There is one question that usually starts the discussion. What makes a good leader? The question is often thrown around in university lounges, team meetings, TED talks, and searched on Google by entrepreneurs. We’ve compiled a handy tool for you to better understand what type of leader your team needs and how to fulfil those needs.
However, the question itself is pretty vague. More specifically, the word ‘good’, what does ‘good’ mean? Is a good leader someone who abides by a strict working structure? Or perhaps distance themselves from their team, creating a more dynamic and democratic team?
Depending on who you ask, you will get different answers to the question ‘what makes a good leader’. There are thousands of answers that are too difficult to summarise in a single blog post. Given that, we will provide you with some handy information for facing this difficult question. We’ll reflect on how to recognise what your team needs, and how to improve your teams productivity as a tuned leader.
The role of a leader is a fundamental part to a team relationship. One important attribute a leader possesses is recognising what your team needs, and as a result being flexible enough to attune to those needs. To recognise your team needs you can usually follow this group development model by Susan Wheelan. According to her, a group dynamic usually falls into one the following 4 stages.
Most new teams start here, and we’re all too familiar with this situation from our first week at work, trying to integrate with our new colleagues. At this stage, a leader must be extremely attentive to team needs, and particularly on individual concerns. It is important to establish familiarity with our new team and for every member to be included.
The team’s task at group stage 2 is to develop an unified set of goals, values, and working practices. The responsibility falls to the leader to coordinate this conflict in a productive environment. It is important to understand that conflict is necessary to create an climate where team members are comfortable disagreeing with each other.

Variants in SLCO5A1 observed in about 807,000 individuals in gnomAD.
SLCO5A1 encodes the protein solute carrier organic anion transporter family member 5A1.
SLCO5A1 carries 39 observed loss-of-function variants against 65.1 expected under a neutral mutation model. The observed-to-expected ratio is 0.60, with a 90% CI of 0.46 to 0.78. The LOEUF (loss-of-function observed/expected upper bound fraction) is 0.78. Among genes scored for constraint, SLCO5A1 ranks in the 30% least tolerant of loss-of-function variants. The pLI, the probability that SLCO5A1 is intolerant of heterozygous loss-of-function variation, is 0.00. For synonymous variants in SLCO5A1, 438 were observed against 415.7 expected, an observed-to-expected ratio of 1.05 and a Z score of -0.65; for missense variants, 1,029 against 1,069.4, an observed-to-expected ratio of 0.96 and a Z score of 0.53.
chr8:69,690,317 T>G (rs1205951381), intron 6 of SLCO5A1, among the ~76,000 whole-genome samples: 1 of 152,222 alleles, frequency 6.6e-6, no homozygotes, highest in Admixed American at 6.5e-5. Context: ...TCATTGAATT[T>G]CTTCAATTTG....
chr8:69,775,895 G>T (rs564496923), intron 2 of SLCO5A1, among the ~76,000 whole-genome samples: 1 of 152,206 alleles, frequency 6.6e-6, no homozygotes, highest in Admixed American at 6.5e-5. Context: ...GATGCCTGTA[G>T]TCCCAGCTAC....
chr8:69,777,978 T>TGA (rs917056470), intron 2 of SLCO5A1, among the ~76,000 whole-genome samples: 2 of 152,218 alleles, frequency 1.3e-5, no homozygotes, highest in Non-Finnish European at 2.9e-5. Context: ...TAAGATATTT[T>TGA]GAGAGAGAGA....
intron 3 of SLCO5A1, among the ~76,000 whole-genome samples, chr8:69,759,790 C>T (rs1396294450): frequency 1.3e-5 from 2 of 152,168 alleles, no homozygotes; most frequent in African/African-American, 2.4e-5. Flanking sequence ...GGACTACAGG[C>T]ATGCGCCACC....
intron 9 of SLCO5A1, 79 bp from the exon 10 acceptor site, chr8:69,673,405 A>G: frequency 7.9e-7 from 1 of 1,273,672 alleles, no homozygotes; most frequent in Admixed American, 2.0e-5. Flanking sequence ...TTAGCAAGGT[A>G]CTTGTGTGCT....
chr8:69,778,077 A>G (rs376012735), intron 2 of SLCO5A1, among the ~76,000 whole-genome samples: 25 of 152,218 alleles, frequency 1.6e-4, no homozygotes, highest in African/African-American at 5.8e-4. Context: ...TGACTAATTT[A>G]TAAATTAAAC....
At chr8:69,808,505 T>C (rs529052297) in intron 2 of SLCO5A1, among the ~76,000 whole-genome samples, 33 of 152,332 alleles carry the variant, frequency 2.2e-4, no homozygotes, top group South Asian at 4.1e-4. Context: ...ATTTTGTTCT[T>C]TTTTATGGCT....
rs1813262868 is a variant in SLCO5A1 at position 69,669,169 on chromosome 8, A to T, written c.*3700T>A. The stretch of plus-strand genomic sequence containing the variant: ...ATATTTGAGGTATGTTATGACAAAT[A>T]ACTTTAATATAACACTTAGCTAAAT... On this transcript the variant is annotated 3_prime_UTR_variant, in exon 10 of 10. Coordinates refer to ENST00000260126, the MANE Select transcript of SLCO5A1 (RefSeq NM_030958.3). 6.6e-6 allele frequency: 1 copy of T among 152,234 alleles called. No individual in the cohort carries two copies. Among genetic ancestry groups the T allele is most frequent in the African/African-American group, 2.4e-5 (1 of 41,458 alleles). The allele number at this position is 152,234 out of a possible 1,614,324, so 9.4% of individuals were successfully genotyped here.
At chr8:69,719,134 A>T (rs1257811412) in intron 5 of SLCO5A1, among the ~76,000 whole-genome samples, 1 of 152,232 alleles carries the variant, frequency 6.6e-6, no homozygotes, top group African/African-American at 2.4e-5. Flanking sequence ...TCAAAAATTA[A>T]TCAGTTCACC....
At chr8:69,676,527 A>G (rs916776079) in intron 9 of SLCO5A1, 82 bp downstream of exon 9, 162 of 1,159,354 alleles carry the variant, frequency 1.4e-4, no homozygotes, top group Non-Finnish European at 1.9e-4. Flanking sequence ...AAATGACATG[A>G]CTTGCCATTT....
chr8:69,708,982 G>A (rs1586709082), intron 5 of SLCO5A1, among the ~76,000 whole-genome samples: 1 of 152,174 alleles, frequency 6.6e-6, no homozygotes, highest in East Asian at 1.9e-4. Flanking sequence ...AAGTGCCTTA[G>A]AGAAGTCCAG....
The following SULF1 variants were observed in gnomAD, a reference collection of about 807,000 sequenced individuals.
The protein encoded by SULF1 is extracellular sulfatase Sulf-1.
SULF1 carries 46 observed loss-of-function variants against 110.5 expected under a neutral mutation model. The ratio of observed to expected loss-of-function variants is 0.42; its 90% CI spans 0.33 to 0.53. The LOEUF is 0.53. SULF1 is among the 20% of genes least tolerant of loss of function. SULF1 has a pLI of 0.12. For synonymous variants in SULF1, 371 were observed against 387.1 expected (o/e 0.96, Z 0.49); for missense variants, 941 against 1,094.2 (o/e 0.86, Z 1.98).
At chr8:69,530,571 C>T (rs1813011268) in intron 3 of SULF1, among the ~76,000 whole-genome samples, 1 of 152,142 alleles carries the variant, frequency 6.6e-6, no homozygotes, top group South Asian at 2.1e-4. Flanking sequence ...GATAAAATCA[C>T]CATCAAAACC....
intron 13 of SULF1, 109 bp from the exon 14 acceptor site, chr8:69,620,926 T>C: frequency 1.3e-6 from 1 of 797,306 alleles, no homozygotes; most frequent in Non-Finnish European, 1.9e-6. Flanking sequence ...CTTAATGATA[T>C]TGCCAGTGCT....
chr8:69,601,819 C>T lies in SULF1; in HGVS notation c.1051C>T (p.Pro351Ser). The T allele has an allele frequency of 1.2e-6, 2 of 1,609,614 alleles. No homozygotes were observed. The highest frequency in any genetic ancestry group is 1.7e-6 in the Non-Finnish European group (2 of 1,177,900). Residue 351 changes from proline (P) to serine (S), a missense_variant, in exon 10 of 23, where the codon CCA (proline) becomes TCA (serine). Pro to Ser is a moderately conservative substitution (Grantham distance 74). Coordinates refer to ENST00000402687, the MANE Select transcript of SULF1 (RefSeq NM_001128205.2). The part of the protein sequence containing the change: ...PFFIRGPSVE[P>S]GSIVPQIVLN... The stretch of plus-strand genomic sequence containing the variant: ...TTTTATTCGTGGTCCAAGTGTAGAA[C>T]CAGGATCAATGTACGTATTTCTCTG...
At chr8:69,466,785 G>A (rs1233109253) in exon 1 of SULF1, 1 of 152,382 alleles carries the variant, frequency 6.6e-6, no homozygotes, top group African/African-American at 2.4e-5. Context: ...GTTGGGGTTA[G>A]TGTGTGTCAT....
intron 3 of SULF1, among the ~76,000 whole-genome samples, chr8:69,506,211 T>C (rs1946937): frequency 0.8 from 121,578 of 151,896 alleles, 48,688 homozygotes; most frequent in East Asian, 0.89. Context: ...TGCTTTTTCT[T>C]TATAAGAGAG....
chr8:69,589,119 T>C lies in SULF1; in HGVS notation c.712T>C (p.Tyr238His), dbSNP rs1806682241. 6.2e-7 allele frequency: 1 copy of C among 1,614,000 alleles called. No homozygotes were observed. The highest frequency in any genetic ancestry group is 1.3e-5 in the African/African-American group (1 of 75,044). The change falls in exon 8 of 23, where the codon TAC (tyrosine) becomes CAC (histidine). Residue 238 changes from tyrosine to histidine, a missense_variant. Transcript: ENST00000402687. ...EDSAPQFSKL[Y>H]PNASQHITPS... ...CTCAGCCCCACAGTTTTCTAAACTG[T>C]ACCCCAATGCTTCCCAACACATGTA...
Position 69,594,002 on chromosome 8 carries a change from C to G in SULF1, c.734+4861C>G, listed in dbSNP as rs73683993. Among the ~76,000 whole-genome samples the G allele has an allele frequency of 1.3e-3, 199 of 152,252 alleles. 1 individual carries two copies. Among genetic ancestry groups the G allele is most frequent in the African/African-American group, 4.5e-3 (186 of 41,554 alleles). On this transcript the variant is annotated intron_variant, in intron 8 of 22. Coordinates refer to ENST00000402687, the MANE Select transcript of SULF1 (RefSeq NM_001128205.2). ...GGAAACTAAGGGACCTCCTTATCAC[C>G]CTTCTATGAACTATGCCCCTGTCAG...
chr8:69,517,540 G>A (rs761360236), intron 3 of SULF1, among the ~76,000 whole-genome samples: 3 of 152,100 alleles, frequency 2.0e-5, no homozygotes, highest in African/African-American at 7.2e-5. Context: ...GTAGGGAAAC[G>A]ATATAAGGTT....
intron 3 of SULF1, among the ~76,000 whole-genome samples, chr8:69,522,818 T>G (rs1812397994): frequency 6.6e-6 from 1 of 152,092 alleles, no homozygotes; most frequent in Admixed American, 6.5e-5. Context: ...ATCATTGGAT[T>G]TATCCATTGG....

At this stage the team has gotten past the conflicts and begins to strengthen bonds between members. This is a mostly positive experience, and focuses on further developing the team’s roles and working practice. The leader’s attention is not as intense as previous stages. Here, the leader maintains a healthy environment for team members to create mature discussions and improve.
This is the level that teams aspire to, it is has a the best flow of productivity. Do you remember a team you felt like this with? When things just seem to ‘fit together’. Reaching this stage takes some time, and shaped by a lot of feedback, and many tears. In effect the leader doesn’t direct as much, but instead – motivates.
There is a fifth stage which is termination of the group after finishing a project or a result of a fallout, however we won’t go into further detail here as we’re focusing on leadership.
Take a moment to reflect, what group stage are you currently at with your team? Can you recall a team where you reached stage four?
Some general reflections are the leader will be working much closer with directing, structuring and leading the team during the earlier stages of group development. Following through to a more ambient type of leader, promoting independence and a dynamic team.
We recommend practicing empathy with your team. In fact, this is one of my favourite areas to work with when promoting team agility.